Given it was bitterly cold outside, we decide to warm up with some tom yum goong soup ($5) to start.  I know what you’re thinking – isn’t this from Thailand?  Well, according to Wikipedia, in countries like Malaysia, that are close to Thailand, they use “tom yum” to describe any spicy soup.  And indeed the soup had some kick to it.  The broth was good and well flavoured; I would say just the right amount of spice as it wasn’t overly hot.  For those who are accustomed to the Thailand version, this is more tomato based and has less lemon grass in it.  It’s good, but not as good as the spring rolls or satay skewer appetizers that I’ve had previously.  So, if you’re only going to come once, I suggest sticking with those instead.


Tom yum goong (1)
In the mood for more spice, we ordered the chicken red curry ($12) with a side of steamed rice ($1.50) and two roti ($4).  When you come here you have to order the roti!  These thin, chewy, toasted sheets of slightly sweet home made roti are served warm and are perfect for dipping into Restoran Malaysia’s curries.  I love them so much I frankly could wrap noodles in there and still eat them.  At $2 a sheet you can order as many as you want for the table - I find one per person is usually enough if you also have other carbs.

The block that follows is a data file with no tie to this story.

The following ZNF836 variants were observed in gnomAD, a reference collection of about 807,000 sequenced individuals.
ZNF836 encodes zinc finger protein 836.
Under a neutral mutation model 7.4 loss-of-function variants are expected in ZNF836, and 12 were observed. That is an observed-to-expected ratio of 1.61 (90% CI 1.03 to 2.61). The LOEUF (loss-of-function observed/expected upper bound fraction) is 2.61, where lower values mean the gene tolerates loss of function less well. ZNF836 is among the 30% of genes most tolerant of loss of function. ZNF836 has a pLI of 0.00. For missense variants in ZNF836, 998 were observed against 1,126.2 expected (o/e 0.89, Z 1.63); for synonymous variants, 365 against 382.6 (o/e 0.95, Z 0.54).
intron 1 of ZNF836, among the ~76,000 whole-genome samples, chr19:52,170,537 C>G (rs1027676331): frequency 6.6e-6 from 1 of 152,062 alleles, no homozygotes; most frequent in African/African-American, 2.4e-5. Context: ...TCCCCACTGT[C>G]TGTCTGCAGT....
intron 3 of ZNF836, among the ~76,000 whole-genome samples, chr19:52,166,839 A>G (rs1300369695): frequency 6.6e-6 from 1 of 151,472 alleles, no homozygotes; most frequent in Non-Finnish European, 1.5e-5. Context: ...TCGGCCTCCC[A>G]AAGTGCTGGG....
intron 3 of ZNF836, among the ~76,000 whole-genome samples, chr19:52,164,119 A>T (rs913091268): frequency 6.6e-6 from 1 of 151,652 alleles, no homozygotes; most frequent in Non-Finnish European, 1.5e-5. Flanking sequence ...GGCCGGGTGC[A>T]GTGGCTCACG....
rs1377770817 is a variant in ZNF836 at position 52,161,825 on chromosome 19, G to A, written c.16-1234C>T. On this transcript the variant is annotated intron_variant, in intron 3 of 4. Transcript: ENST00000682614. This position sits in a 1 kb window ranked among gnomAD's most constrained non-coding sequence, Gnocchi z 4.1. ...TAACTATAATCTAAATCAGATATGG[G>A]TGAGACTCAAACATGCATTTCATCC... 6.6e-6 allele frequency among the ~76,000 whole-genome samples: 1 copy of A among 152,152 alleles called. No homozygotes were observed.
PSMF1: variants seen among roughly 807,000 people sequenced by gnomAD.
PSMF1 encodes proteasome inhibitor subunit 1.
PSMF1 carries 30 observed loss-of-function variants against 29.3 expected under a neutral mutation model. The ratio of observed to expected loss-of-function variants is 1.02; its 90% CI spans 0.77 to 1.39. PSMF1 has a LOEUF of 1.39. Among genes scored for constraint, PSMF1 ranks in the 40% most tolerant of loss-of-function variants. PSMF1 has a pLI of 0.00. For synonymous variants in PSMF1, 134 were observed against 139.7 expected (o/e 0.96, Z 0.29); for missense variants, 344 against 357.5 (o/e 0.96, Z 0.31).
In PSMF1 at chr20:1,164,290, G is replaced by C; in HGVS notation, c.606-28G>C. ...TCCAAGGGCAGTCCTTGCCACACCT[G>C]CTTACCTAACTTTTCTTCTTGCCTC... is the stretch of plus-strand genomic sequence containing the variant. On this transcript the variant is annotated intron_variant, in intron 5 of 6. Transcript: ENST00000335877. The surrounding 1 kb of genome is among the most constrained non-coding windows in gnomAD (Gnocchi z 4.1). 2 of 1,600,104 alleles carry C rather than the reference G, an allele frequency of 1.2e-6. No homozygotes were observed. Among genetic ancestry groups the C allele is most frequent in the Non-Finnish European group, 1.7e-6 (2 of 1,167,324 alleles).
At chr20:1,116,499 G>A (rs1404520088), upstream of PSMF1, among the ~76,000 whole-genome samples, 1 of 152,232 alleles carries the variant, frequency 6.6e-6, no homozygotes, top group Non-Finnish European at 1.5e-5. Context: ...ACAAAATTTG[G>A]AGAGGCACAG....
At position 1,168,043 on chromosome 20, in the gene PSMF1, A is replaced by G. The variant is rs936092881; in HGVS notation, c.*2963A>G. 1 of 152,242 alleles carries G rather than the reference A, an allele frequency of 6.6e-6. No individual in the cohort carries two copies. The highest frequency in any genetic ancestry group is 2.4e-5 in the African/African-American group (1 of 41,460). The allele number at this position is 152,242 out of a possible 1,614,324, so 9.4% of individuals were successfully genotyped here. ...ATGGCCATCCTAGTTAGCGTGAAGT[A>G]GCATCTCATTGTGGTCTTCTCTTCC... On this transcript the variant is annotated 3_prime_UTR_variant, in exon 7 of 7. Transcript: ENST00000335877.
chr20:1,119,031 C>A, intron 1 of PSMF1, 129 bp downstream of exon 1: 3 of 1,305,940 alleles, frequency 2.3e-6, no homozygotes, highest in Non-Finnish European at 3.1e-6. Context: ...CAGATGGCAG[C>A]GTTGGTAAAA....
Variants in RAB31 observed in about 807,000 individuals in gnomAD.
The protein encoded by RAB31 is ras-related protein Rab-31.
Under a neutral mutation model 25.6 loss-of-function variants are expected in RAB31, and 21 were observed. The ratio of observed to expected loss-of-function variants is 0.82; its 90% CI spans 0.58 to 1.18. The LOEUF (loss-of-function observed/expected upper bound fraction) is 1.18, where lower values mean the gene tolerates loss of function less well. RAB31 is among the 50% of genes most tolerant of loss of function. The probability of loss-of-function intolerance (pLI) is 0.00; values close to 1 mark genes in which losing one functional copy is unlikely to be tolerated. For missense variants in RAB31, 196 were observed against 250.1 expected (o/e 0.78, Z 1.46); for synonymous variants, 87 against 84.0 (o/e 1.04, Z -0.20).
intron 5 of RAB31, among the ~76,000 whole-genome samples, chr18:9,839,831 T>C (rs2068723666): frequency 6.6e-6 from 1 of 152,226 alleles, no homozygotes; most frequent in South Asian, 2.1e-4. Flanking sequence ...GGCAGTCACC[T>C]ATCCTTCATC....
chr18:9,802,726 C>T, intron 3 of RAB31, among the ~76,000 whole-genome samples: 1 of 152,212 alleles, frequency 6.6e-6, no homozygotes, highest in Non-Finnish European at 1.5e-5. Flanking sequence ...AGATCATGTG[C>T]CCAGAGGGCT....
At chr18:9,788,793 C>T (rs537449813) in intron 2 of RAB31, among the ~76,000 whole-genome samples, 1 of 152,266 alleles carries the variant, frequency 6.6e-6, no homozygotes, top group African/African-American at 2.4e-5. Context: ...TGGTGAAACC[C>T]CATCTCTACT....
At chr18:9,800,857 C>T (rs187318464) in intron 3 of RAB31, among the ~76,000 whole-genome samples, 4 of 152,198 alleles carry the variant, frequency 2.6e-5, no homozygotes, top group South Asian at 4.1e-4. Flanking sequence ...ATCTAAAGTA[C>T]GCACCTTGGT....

Home-made roti (2)


Their menu has two curry sections: “Home Made Roti Canai / Prata” and “Entrees”.  The curries in the “Home Made Roti Canai / Prata” section is a smaller portion of yellow curry that’s not as spicy – a good option for those who may not love curry but want to try it with the roti.  I prefer the curries in the “Entrees” area as they are fierier and I like the vegetables that are mixed in with them.  The red curry we ordered (2 chillies) was the perfect spiciness for my palette.

To balance out the heat, we ordered Kuala Lumpur style hockien mee ($10).  Thick chewy noodles are stir fried with lot of oyster sauce (?) and seafood and vegetables.  The dish is slightly sweet and is a good contrast to the rest of our choices.  If you’ve ever had Shanghai fried noodles, this dish is similar, except the noodles are thicker and covered with more sauce.